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Tangled (2011, USA)


Director: Nathan Greno, Byron Howard      Starring: Mandy Moore, Zachary Levi, Donna Murphy, Ron Perlman

Few names are as synonymous with family entertainment as Disney. With almost ninety years of experience in the field they have pretty much cornered the market when it comes to family friendly animated features, even more so since their acquisition of Pixar (even if it does feel more like the other way round sometimes). Strangely, despite my love of animation I am not a fan of Disney’s fare. I find their insistence on making musicals tiresome and their morality heavy handed and their more recent forays into tween-tertainment (High School Musical, Hannah Montana, et al) are positively depressing. Nonetheless, I thought I’d give Tangled the benefit of the doubt as my recent encounters with family friendly CGI animation spectaculars have all been rather satisfying.

In typical Disney style, Tangled is a take on a pre-existing fairy story, in this instance Rapunzel. My memory of the story of Rapunzel is admittedly a little bit fuzzy but here the liberties have been taken all over the shop to try and stretch it to one hundred minutes worth of fun. In this version, Rapunzel’s (Mandy Moore) hair has magical healing properties and she is being imprisoned by the devious Mother Gothel (Donna Murphy) who is abusing these magical powers to keep herself young and beautiful. Gothel’s plan to keep the source of her eternal youth close to her is jeopardised when thief-with-a-heart-of-gold Flynn Rider stumbles upon her secret tower when on the run from the authorities. Rapunzel convinces Flynn to take her out to see the world. You can pretty much guess the rest.

There’s a surprising amount to be pleased about in this film. Generally speaking the jokes are pretty good (some of the animal antics are a bit much bet then what can you expect from Disney?), there are some genuinely exciting set pieces as Flynn and Rapunzel try to evade capture and the visual quality of the animation is lovely. The vibrancy of the colours is astounding, even on the DVD version I watched. The Blu Ray version must be amazing. Special mention has to be made of the collapsing dam scene where, in an Indiana Jones style, our heroes must escape their pursuers as the dam releases a deluge down the same canyon. Excellent stuff.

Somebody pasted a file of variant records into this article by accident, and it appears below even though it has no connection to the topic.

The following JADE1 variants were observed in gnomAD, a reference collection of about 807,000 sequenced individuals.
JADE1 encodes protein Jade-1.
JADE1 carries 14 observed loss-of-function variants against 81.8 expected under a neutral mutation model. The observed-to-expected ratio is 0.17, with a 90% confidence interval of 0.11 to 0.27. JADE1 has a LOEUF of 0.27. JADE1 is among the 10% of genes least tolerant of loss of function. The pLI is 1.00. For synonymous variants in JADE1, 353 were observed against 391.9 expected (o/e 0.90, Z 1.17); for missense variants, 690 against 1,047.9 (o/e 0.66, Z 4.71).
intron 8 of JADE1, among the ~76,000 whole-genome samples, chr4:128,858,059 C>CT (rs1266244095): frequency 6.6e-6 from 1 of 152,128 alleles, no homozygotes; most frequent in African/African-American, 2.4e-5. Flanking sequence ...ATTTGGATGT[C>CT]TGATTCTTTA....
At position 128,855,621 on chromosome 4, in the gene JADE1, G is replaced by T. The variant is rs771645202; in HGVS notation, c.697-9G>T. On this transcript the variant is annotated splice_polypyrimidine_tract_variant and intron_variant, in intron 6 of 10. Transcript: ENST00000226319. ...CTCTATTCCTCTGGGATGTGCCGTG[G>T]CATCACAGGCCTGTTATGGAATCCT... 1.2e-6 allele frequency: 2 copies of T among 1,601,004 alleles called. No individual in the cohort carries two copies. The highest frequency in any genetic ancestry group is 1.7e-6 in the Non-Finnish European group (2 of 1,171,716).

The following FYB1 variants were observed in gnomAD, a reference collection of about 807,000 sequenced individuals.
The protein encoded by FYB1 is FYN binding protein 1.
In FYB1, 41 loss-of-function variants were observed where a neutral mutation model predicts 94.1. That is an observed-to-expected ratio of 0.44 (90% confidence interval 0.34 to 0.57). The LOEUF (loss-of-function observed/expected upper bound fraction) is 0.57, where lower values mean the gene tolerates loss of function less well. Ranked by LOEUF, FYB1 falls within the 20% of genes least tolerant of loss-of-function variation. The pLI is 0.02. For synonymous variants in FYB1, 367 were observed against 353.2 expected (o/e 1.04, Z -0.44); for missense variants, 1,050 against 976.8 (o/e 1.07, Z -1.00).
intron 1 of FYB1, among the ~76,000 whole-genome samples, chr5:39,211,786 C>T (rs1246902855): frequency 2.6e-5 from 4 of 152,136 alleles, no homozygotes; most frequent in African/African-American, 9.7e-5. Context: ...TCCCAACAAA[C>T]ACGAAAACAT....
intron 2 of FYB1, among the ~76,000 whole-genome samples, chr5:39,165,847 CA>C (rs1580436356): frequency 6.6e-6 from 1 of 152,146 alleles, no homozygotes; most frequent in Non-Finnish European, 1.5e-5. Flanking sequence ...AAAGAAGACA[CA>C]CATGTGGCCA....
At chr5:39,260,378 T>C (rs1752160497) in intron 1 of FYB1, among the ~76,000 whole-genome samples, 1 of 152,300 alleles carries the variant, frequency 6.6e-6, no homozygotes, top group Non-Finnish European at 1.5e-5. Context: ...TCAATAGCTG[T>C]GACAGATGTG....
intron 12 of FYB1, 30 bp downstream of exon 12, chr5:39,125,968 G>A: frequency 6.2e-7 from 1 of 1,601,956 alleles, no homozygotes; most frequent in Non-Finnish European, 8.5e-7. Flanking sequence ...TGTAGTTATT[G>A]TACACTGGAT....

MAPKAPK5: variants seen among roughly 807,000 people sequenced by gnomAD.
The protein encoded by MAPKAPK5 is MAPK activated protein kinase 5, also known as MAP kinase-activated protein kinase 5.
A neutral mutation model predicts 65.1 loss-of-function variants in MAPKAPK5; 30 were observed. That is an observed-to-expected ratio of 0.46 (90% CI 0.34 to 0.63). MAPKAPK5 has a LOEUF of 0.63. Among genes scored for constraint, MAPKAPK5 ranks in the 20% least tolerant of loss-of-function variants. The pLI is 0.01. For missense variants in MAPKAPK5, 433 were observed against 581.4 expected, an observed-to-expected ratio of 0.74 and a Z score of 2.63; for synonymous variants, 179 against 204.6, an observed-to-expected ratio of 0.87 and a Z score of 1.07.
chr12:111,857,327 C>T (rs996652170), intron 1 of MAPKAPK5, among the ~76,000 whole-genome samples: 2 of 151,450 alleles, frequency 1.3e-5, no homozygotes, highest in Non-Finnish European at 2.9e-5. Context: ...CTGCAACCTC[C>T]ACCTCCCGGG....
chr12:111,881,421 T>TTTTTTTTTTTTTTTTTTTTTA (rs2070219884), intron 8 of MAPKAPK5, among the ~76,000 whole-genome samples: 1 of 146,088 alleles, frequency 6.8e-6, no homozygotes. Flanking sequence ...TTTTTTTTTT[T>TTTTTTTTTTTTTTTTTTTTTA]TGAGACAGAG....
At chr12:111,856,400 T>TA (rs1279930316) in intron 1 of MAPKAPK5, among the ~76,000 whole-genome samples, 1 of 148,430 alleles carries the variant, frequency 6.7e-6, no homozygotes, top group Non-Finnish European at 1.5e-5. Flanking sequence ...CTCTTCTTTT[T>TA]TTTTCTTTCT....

Sadly it has plenty of failings too. Now I appreciate that my inherent dislike of musicals makes me biased (there are exceptions but they are few and far between) but the majority of the songs on show here are feeble at best. Why they felt the need to have a stupid song to be sung in order for Rapunzel’s magic hair to do its thing is a mystery to me. An annoying mystery. A very, very annoying mystery. Like most of the other songs in the film it is a turgid ditty of Hannah Montana proportions, lacking in originality and wit of any kind. The one exception is a moment when Flynn and Rapunzel are in the Snuggly Duckling tavern (no, you didn’t misread that) where there is the single example of a decent song in the whole film. Reminiscent of Monty Python’s Knights Of The Round Table song from Holy Grail and actually quite witty, it escapes the shackles of tween-centric soundtrack album and works really well.

Then of course there is the grim, predictability of the whole affair. There really are little or no surprises and when they summon up the nerve to take the film in slightly more challenging, darker directions the film makers quickly backtrack to within safe Disney parameters. When you compare it to something like the excellent How To Train Your Dragon, that doesn’t flinch at the prospect of death and maiming while maintaining it’s child friendly appeal, it really can’t match up. Perhaps very young children wont be familiar enough with the cliches to care about this but with an audience increasing in sophistication at an earlier age this sort of bland storytelling may eventually backfire on the House of Mouse.

I get the sense that Disney felt they had to do something here to compete with Shrek. A slightly irreverant take on the fairytale with a little bit of contemporary sass. I’m not sure if it entirely works. When they rein in the more over the top animal antics and aren’t singing horrible, horrible songs it’s actually quite a likeable film. Of course it isn’t really about whether or not I like it. It is, after all, a kids film and moreover (at the risk of sounding sexist) a little girls film, trading on the dream of finding out you are a missing princess or maybe Hannah Montana. Either way, this feels like a regression when compared to more recent examples of family orientated CGI.

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